Tamajao 241 by Ernest Warwick


One hero's horror in Japanese prison camps

- An interview from 15th August 2005 -

TODAY is VJ Day and the 60th anniversary of defeating the Japanese in the Second World War. Ernest Warwick was in our "Forgotten Army" fighting in the Far East. He spent three terrible years in brutal Japanese PoW camps. This is his story...

ERNIE WARWICK'S frightened screams regularly fill the night as his nightmares take him back to the battle for Singapore and his hell in jungle captivity. Ernie was just 24 when he and thousands of British troops were delivered into the jaws of death in 1942, in a vain bid to hold back the ruthless Japanese army. Now 87 and wheelchair-bound as a result of injuries inflicted in a Japanese PoW camp, Ernie was serving with the 4th Battalion of the Suffolk Regiment when he found himself at the centre of a bloody firefight in Singapore.

Ernie, a butcher's shop manager before the war, says: "It was a bloodbath. A day of horror. One guy knelt to pray and his head was taken clean off. There was just a fountain of blood coming from his neck." When the firing died down Ernie's unit were moved to block Japanese soldiers entering a cemetery. "I opened fire. Thirty rounds and 30 rounds and 30 rounds. I could hear these Japanese screaming. I knew I had hit some."

Two days later he and his comrades were pinned down by tank fire on the streets of Singapore and forced to surrender. Ernie was threatened with execution. He says: "I looked up and tensed myself, ready to die." But he was spared when the Japanese heard at that moment on their radios that British forces had surrendered the island. He was marched to the infamous Changi prison and forced to work on the docks for three weeks.

When he punched a Japanese officer who was whipping an old Chinese woman, Ernie was tied to a tree for five days and nights with nothing to eat or drink. Ernie remembers: "After the soreness of the rope, the red ants started to get to me. "The Japanese had threatened anyone who helped me with death and each morning eight of them would bow to the sun, chant for the Emperor, then come at me with sticks. I used to be glad to fall unconscious." He was taken to the River Valley prisoner of war camp and given seven days to recover before going "on trial." He was told he would be beheaded for striking a Japanese officer -but again his life was spared.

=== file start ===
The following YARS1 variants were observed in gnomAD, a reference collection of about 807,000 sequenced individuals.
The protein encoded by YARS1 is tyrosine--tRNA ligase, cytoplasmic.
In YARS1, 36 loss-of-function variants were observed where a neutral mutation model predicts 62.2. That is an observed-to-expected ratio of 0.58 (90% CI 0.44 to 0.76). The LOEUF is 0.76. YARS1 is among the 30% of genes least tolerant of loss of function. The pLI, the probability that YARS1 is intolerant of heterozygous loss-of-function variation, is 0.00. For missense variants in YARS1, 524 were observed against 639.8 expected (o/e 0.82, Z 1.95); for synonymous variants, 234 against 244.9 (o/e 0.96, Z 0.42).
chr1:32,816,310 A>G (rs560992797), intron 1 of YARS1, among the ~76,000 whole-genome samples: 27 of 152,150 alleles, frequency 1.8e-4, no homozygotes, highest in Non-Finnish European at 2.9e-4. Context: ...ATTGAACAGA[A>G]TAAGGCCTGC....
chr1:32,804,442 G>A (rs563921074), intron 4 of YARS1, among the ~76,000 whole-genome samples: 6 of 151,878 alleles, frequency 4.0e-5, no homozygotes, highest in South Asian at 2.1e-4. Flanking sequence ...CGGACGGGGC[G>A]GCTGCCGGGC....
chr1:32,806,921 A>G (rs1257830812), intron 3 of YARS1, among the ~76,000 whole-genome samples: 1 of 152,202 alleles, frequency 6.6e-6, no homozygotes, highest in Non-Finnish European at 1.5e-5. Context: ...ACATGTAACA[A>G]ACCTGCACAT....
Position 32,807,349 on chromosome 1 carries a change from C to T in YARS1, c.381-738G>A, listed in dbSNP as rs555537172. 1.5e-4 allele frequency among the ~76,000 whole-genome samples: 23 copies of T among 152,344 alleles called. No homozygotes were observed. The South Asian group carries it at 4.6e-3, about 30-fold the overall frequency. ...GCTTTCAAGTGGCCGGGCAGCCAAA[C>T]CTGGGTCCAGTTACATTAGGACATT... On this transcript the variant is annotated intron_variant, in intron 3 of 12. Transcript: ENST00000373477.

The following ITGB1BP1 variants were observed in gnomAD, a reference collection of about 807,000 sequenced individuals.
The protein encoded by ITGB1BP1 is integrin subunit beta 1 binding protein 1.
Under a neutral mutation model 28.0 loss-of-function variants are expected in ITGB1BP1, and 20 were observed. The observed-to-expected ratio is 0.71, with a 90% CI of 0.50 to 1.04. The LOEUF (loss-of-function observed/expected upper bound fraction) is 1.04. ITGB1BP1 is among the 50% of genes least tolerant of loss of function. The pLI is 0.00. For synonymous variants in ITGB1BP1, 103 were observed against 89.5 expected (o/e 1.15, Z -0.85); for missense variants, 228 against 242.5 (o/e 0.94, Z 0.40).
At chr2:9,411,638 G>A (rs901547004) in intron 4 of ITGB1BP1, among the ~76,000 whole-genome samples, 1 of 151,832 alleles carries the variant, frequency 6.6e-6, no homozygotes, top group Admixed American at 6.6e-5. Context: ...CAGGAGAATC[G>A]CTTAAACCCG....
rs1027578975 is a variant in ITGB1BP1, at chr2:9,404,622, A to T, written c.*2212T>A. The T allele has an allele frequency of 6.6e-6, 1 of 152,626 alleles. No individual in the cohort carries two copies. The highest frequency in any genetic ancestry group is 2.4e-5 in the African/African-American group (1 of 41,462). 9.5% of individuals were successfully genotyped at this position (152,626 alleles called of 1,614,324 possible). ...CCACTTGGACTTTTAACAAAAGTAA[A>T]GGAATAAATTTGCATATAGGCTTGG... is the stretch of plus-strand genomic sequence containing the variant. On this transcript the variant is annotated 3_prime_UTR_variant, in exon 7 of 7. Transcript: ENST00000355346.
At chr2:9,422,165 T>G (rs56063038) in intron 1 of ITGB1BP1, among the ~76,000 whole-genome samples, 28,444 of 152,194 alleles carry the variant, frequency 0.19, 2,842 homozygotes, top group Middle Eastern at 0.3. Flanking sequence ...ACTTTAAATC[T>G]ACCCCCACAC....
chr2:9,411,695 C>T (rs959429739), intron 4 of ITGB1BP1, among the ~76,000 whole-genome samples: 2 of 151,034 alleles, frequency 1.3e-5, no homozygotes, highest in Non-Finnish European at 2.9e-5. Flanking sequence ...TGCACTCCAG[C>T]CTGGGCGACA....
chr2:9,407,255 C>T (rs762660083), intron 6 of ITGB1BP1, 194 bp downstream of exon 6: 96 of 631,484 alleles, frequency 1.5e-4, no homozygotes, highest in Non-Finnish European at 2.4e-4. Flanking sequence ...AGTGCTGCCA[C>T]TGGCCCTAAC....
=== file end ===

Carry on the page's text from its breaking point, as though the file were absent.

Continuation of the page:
Ernie, who lives near Southend, Essex, says: "They wanted slave labour to build a railway through Siam and I would be in the advance party to work on the first bridge over the River Kwai." First he had to serve 28 days in a "punishment centre. Ernie says: "To the day I die I will never forget it. It was a corrugated hut, 4ft high. You couldn't stand up. There was no toilet and the humidity was terrible. They gave me just a bowl of water and rice each day. "How I survived in that metal tomb I don't know."

He was then transported to the Tamajao PoW camp in the Thai jungle, the first of more than 20 prison camps Ernie stayed in during nearly four years of hell. Ernie recalls how he and three other prisoners formed a "gang" to cause the Japanese as many problems as they could. He says: "It was easy to get out of the camps at night. The guards were scared of the jungle. We were able to pinch things but there was nowhere to escape to. "It was more difficult getting back into the camp. My mate Foxy made animal noises that sent the guards scurrying to their huts and we would get back in.